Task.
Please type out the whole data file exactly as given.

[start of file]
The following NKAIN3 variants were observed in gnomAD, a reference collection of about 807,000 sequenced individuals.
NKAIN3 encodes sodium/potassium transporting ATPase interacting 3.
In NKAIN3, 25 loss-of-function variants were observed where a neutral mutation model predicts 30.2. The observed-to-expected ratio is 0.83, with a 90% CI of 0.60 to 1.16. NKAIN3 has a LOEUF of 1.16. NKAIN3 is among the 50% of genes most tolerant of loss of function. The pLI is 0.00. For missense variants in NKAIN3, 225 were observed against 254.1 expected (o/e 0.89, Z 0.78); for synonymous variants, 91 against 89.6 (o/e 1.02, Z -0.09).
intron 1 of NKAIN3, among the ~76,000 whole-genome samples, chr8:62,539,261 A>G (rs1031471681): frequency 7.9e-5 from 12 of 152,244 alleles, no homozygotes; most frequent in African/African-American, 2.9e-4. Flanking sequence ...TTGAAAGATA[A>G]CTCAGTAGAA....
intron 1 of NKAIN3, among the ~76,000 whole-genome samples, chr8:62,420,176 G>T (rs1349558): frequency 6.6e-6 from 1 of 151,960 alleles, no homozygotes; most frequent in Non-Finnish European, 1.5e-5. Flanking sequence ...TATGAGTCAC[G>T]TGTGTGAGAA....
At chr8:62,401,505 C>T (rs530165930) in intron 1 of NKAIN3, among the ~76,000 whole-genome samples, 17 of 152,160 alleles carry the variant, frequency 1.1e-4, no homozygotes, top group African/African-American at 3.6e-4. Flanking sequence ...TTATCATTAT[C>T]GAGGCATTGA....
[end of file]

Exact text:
The following NKAIN3 variants were observed in gnomAD, a reference collection of about 807,000 sequenced individuals.
NKAIN3 encodes sodium/potassium transporting ATPase interacting 3.
In NKAIN3, 25 loss-of-function variants were observed where a neutral mutation model predicts 30.2. The observed-to-expected ratio is 0.83, with a 90% CI of 0.60 to 1.16. NKAIN3 has a LOEUF of 1.16. NKAIN3 is among the 50% of genes most tolerant of loss of function. The pLI is 0.00. For missense variants in NKAIN3, 225 were observed against 254.1 expected (o/e 0.89, Z 0.78); for synonymous variants, 91 against 89.6 (o/e 1.02, Z -0.09).
intron 1 of NKAIN3, among the ~76,000 whole-genome samples, chr8:62,539,261 A>G (rs1031471681): frequency 7.9e-5 from 12 of 152,244 alleles, no homozygotes; most frequent in African/African-American, 2.9e-4. Flanking sequence ...TTGAAAGATA[A>G]CTCAGTAGAA....
intron 1 of NKAIN3, among the ~76,000 whole-genome samples, chr8:62,420,176 G>T (rs1349558): frequency 6.6e-6 from 1 of 151,960 alleles, no homozygotes; most frequent in Non-Finnish European, 1.5e-5. Flanking sequence ...TATGAGTCAC[G>T]TGTGTGAGAA....
At chr8:62,401,505 C>T (rs530165930) in intron 1 of NKAIN3, among the ~76,000 whole-genome samples, 17 of 152,160 alleles carry the variant, frequency 1.1e-4, no homozygotes, top group African/African-American at 3.6e-4. Flanking sequence ...TTATCATTAT[C>T]GAGGCATTGA....